A vast public collection of real-life rejection
to their credit, they actually composed a letter. most grad school teachers / students don't know how to do that anymore.oh wait, this is 8 years old. well it's a good example of how form letter rejections used to be 10-20 years ago: an actual *letter*
I HAVE CERTAINLY SEEN WORSE. IT SEEMS POLITE, TO ME. ALSO, ON WHAT BASIS ARE YOU DECIDING IT IS A SECOND-RATE JOURNAL?
Oops, I meant second-tier. Will fix. Why are you yelling? :)
I AM TRYING TO PROTECT MY IDENTITY AS IF PEOPLE FIND OUT WHO I AM MY HUGE BOOK DEAL MIGHT FALL THROUGH. THIS ALSO EXPLAINS THE FAULTY GRAMMAR AND LACKSADASICAL SENTENCES.
Ahhh....of course....I should have known.
I find it's best to stay away from submitting to magazines that publish criticism or have theme issues or like, essays on the social ramifications of American's pre-conceived notions about apartheid. These kinds of magazines aren't the place people go to for fiction so there's no point in submitting fiction to them. They usually only publish one story an issue and a handful of poems. Basically they're less interesting versions of the New Yorker. Any lit mag published by a college or university is usually one to stay away from as well. The readers are students who are constantly in workshop mode. They can't read a story without finding something wrong with it 'cause that's what they're required to do in class. If you're trying to stories or verse, try to stick to independent lit mags that just publish poetry and fiction. Your odds are far higher.
*If you're trying to PUBLISH stories or verse, try to stick to independent lit mags that just publish poetry and fiction. Your odds are far higher.Sorry.
why is the minnesota review in missouri, in the first place?
Estragon: wise post. Hope to see you around more often.
10:01, I second the motion. Of course, we've had an anonymous guy here who claims to have published extensively in the academic journals (without, he insists, any sort of gamesmanship involved), and he tells us we're insignificant garden slugs, as these things go, if we're not in AGNI or The Missouri Review. My actual experience is closer to Estragon's assessment, though.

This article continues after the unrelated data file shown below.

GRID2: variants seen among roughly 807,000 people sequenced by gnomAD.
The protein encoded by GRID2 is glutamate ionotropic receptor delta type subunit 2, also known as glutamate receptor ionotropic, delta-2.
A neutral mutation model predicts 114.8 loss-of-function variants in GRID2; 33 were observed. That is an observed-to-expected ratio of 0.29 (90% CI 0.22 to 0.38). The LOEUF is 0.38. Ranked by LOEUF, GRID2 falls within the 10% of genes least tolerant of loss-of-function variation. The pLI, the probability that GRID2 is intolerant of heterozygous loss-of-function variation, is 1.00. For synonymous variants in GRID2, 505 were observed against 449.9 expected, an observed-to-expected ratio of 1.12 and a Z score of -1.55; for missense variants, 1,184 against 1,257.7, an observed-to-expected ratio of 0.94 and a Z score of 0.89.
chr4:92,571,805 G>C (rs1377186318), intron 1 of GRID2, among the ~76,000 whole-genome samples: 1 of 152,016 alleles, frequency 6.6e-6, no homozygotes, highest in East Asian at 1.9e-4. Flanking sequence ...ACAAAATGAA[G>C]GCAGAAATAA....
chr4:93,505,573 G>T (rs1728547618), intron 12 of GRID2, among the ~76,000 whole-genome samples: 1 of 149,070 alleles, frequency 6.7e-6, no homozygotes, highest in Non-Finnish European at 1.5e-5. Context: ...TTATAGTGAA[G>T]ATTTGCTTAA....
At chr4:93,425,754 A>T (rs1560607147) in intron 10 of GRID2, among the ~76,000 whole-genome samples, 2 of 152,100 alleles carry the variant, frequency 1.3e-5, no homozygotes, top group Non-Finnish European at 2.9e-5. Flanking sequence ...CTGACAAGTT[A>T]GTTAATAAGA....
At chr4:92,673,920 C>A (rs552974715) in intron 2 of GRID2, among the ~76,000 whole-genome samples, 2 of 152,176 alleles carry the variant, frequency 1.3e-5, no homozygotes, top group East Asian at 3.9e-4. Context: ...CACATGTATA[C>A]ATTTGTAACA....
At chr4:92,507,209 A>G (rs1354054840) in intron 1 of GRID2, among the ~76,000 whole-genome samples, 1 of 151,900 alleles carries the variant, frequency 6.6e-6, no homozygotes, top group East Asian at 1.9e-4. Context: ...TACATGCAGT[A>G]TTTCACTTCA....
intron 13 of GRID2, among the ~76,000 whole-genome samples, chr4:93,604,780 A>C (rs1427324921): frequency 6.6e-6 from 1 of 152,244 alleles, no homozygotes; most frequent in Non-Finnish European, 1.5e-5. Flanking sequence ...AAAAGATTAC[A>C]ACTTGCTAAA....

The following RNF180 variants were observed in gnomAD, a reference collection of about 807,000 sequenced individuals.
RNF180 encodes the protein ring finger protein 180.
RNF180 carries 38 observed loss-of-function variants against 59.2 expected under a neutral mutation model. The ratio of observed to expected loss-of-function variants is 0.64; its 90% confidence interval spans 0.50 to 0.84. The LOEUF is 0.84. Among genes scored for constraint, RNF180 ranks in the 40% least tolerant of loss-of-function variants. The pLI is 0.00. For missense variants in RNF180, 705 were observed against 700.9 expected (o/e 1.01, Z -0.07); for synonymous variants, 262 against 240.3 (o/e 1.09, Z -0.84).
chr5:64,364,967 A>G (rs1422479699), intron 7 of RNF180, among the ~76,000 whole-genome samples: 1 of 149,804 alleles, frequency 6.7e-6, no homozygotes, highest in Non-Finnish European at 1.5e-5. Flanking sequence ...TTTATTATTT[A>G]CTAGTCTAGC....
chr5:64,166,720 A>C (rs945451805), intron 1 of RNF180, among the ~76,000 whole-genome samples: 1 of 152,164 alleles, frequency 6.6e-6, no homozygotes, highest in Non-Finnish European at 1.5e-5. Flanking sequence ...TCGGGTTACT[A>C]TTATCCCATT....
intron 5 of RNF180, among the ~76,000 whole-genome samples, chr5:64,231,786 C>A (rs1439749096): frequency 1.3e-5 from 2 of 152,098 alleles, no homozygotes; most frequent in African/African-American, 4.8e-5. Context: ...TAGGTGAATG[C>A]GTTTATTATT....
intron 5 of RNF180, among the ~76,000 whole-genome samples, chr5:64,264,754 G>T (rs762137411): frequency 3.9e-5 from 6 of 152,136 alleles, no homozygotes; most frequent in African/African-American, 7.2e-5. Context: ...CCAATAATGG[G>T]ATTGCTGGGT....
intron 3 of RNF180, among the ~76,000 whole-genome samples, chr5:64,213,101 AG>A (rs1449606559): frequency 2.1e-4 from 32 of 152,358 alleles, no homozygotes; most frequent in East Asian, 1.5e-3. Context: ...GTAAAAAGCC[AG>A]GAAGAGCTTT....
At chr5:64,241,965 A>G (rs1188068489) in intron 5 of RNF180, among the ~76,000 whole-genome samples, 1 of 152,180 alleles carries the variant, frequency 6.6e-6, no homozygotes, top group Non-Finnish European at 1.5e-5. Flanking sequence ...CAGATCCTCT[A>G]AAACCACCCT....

good point anon 2:14am, if you look on the website, the minnesota review is now at cargenie mellon. is it like a bad chain letter that universities pass around?
Thanks John and Anon. I have writer-friends who sweat over getting into academic journals, but at the end of the day I think it's really just associate professors from the creative writing department and their students who read them. Your average citizen-reader is more likely to pick up the independent lit mag that's produced in their state or town 'cause that's what their bookstore carries. Otherwise, whether it's AGNI or Glimmer Train, it's probably other writers who are buying lit mags and then only if they're in them. I don't see a lot of people on the subway or in the park with a copy of the latest Prarie Schooner, and I could count on one fingerless hand the number of times someone has ever said to me, "Oh I read the most interesting story in the last Sewanee Review." As far as publishing credits go, agents and publishers just look for solid credits from mags that aren't hand-stapled. As writers I think it's beneficial to remember that (while getting rejected from any magazine is a drag) these top tier lit mags are only prestigious in the lit mag community.